Pocket Radar Ball Coach vs Smart Coach – A Comparison

Improving pitching skills is hardly possible without a continuous and precise insight into throwing performance.

Of course, experienced coaches and scouts can get a pretty good feel for how hard someone is throwing just by watching a pitcher during warmups or games.

Still, eyes, as we all know, can be very deceiving and even the minor differences in ball speed matter a great deal.

Understandably, pitching velocity is probably the single-most monitored element of a pitcher’s performance.

No matter the age, it’s the one skill that most often increases the odds of success. However, accurately judging the ball speed is practically impossible without the help of technology.

For years, radar guns have been an invaluable instrument in every coach’s arsenal. Especially with the development of smaller, portable devices.

Below, I’ll look at two of the most popular instruments of this kind and compare Pocket Radar Ball Coach vs Smart Coach.

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Pocket Radar – Ball Coach Review

Ball Coach is the basic and the most affordable model from one of the most reputable manufacturers in the industry,

Pocket Radar, Inc. Still, in a small package, it delivers more than enough to make itself an indispensable training tool for smart player development even at a pro level.

Although mainly intended for baseball and softball, it’s versatile enough to be used for ball speed tracking in a number of other sports, including tennis, lacrosse, volleyball, hockey, and cricket.

Basic Features

Not much bigger than a mobile phone, the No products found. weighs only 4.5 ounces with batteries and its dimensions are 2.3 x 4.7 x 0.8 inches.

So, more than small enough to fit in your pocket. It can measure ball speeds going from 25 mph all the way to 130 mph.

Precise speed detection and measurement are possible within a range of up to 120 feet, which is more than enough for normal practice or game conditions.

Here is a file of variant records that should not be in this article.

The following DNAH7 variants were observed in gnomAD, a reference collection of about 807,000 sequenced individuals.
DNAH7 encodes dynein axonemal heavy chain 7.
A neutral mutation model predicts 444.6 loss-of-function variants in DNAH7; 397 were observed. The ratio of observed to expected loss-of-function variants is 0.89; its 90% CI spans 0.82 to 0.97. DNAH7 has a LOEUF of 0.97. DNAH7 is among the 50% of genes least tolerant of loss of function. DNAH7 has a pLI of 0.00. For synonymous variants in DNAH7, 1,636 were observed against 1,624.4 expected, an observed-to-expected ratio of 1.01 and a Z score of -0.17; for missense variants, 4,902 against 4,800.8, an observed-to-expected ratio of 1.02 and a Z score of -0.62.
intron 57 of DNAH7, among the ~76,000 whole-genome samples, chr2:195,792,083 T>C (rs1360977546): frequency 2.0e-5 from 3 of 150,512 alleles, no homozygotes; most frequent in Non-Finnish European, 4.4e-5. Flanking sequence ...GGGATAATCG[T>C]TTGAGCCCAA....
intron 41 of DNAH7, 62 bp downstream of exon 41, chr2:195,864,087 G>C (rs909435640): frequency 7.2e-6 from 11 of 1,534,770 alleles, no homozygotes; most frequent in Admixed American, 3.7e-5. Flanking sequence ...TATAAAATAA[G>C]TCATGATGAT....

For larger objects, such as volleyball, the range is even greater, increasing to 150 feet.

With one set of two AAA alkaline batteries, the Ball Coach can provide over 2,000-speed readings if using the user-triggered mode, or a bit over 1 hour in the Constant-On mode.

If you use AAA NiMH batteries, the battery life doubles.


The Ball Coach makes the most of its hands-free ability.

Easily fitted into any classic mobile phone tripod, so you can just set it up, press the button, and focus on the coaching when in the Constant-On mode.

In triggering mode, you have to hold the button and release it once you get the speed result on display.

To save battery, the device turns off after 30 seconds after manually triggering it, or after 5 idle minutes in Constant-On mode.

The speed readings are accurate and consistent, with a +/-1 mph margin of error.

Nevertheless, you may struggle to get the correct speed measurement if standing at an angle, to the left or the right of the direct ball path.

Another handy feature is storing and recalling the previous 25 recordings.

However, the device is not compatible with the smartphone app, so you’ll have limited analysis capability.

Pros and Cons of Pocket Radar Ball Coach Radar Gun

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  • Stores last 25 readings
  • Portable and hands-free
  • Fits into a smartphone tripod
  • Accurate and consistent speed detection
  • Versatile can be used in sports other than baseball
  • Doesn’t work very well at an angle
  • No connectivity to an external display
  • Not compatible with the Pocket Radar app

Pocket Radar – Smart Coach Review

Smart Coach is the updated and improved version of Pocket Radar’s Ball Coach radar gun, and, as such, it brings some advanced features not available with the previous model.

Of course, less tech-savvy coaches can still use it as a stand-alone device, just like its predecessor.

But, it would be a shame not to use all the extra stuff offered by this version of Pocket Radar’s flagship model.

Basic Features

While advanced functions are what sets Smart Coach apart from the Ball Coach, the basic features are rather similar.

The size and the weight are the same, as are the 120-feet range and +/1 mph accuracy. The range of speed it’s able to measure also doesn’t differ from the earlier mode, 25 to 130 mph.